A big advantage to Presto (and a few other American brands) is that replacement gaskets are readily available, online or in some stores.

          I'd stay away from an off brand for which replacement gaskets might be hard to find.

          1. re: paulj

            Presto or Mirro replacement parts are readily available. I would not hesitate to buy one of those used. As a matter of fact, I did buy a used one not long ago, but haven't used it yet--it needs a new gasket. I would stay away from ancient ones--they do not have the overpressure plugs. An overpressure plug is made of metal or rubber--if the temp gets too high, it pops out and relieves pressure before the pot explodes. An interlocking lid fits on in one position, and slides to lock.

            My old Mirros are probably 30 years old, work like a charm, and will certainly outlast me. I have replaced the gaskets 3 or 4 times, and the plug once. I have a large canner and a smaller canner/cooker. (Canners must be big enough for 3 quart jars--recipes for canning consider the time it takes to heat up the canner--smaller cookers heat up too quickly, and your food might not be safe.)

            I have always used a PC with a weight, not the gauge ones, but new gauges are available as well. Gauges should be checked yearly, whether old or new--usually the County Extension office has a tester.

        2. I've bought several preowned stovetop pressure cookers on eBay and Craigslist and have never had any hesitation about using them, but a couple of them did turn out, when tested, to need replacement parts in order to function properly. So if you aren't already familiar with how pressure cookers work, it may be best to start with a new one. As other have noted, Fagor makes some very reasonably priced models that are easy to operate.

          1. Ebay A WMF Perfect Plus and don't look back. I have used lesser models and won't go back. Buy once, cry once!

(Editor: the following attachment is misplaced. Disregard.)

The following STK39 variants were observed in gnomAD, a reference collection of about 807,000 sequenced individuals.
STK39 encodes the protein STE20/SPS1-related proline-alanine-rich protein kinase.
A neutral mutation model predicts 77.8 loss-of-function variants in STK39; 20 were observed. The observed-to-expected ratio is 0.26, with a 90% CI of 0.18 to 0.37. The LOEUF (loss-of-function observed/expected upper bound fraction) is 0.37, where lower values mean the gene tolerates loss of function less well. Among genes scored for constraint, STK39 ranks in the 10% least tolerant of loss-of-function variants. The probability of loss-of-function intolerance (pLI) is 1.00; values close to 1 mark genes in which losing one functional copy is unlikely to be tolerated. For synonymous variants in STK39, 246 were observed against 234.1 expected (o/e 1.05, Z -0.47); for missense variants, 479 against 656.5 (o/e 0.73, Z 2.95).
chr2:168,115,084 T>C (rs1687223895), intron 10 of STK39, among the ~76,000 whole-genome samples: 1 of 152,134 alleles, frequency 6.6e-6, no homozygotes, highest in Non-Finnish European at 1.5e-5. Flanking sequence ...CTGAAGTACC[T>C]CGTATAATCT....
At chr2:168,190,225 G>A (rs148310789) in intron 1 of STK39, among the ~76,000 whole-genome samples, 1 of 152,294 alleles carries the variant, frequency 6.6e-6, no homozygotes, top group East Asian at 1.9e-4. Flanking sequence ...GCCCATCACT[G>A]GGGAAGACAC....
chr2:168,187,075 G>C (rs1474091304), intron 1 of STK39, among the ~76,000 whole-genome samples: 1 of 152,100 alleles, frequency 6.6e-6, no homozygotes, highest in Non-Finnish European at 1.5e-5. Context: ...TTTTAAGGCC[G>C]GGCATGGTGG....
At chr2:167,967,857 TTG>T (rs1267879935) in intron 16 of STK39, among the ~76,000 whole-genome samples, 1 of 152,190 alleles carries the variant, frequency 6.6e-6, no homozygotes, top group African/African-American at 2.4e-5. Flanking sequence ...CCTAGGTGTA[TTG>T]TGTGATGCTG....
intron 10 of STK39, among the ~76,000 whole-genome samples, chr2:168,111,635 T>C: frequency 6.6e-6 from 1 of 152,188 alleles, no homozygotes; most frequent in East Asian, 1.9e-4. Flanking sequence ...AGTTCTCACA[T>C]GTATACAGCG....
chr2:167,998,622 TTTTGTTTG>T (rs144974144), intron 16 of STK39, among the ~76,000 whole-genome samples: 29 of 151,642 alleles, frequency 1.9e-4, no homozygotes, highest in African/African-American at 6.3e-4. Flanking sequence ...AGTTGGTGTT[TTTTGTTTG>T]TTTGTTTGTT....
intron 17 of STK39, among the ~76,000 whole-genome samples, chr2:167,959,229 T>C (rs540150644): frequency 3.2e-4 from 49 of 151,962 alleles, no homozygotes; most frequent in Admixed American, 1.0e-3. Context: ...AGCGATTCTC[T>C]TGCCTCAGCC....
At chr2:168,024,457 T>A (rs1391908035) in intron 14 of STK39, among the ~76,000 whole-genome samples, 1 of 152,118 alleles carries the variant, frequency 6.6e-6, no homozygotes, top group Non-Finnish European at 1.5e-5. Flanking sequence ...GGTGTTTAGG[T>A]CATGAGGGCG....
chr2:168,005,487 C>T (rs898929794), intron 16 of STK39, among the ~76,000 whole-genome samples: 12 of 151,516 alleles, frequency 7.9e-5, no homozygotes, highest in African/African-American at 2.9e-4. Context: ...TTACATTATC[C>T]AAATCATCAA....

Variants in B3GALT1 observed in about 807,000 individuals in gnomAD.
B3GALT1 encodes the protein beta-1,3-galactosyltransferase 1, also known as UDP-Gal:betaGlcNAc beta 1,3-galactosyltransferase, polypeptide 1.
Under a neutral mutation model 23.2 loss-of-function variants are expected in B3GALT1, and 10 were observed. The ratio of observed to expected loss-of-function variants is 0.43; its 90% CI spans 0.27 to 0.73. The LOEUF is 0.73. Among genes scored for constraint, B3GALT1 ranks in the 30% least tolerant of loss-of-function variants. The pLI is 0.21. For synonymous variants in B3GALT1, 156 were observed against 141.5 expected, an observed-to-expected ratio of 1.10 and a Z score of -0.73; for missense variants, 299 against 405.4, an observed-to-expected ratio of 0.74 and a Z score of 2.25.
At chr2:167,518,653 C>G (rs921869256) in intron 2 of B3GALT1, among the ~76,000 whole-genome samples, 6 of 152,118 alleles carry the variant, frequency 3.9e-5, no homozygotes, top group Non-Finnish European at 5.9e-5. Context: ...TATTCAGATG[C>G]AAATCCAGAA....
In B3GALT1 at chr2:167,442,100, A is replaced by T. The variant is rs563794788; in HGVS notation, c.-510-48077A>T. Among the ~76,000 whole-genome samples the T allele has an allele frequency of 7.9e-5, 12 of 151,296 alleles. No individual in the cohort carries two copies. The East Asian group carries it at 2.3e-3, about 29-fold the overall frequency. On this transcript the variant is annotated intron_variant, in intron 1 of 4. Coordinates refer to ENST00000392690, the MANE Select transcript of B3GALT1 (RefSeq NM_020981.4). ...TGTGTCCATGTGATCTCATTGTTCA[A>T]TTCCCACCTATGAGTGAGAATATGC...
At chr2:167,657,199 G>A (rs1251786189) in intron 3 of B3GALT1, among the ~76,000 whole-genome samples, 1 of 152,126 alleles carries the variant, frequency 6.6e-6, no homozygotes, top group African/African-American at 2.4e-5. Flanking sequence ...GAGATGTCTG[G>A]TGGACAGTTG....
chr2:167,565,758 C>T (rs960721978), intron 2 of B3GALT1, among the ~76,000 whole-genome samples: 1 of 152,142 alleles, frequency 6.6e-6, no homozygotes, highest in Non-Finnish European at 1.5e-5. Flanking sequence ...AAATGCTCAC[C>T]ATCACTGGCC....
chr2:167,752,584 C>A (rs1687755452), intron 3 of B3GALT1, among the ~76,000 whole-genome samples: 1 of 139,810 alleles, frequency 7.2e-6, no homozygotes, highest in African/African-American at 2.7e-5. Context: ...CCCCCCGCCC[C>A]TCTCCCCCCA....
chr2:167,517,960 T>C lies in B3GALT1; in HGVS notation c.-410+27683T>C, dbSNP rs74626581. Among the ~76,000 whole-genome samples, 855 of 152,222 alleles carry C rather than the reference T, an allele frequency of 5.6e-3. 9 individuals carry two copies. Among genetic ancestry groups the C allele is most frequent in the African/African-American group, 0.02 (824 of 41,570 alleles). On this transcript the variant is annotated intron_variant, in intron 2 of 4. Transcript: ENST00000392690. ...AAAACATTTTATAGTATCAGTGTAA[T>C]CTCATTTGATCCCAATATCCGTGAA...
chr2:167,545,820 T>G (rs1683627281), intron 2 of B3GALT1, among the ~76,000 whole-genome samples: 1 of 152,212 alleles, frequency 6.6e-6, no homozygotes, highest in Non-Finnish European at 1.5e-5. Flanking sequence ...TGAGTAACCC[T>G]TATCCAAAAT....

And yes, pressure cooking really does work. I especially find them useful above 10K feet where dry beans won't cook.

            3 Replies
            1. re: Sid Post

              Does your WMF get up to full 15psi pressure? I had read that they didn't. They look like great pressure cookers.

              15psi (pounds per square inch) is the standard in the USA; most pressure cooker cookbooks base the cooking times on 15psi. Extra time has to be added to the recipes if the cooker doesn't reach 15psi.

              I'm loving my pressure cookers. Last night I made spagetti squash in 20 minutes from start to finish!

              1. re: shiny

                I have two Kuhn Rikon pressure cookers too. Yes these only go to 12psi but, that hasn't been an issue for me. Those Swiss pressure cookers aren't feeling the love in my kitchen these days.

                1. re: Sid Post

                  Sid, why do you prefer WMF over Kuhn Rikon?

            2. Wow, I didn't expect this much great advice! I'm confused about the low pressure mentioned in the egg instructions. Is this a feature that I would need to look for, or do I just turn the burner down to get low pressure? The one I'm looking at says it runs at 15 psi, but it doesn't say anything about a low setting.

              15 Replies
              1. re: jvanderh

                A long time standard pressure in the US is 15 psi (1 atmosphere), which raises the temperature in the cooker to about 250F. In Europe a lower pressure of 10 or 12 psi is common. In addition some cookers have a dual pressure setting, e.g. 15 and 10. Electric pressure cookers tend to regulate temperature instead of pressure (e.g. 240F).

                Changing the burner heat does not alter the pressure. Follow the directions for your cooker. For most you start at a high heat (like bringing water to a boil), and lower it so you just maintain pressure. The pressure is determined by the regulator, not the burner.

                The 15psi setting is not inherently superior to a lower one, just a bit faster. In fact for some items like fish and vegetable the lower pressure may be better since it reduces the chance of overcooking. In the egg example, the lower pressure may reduce the chance of cracking the egg, but I haven't examined this issue.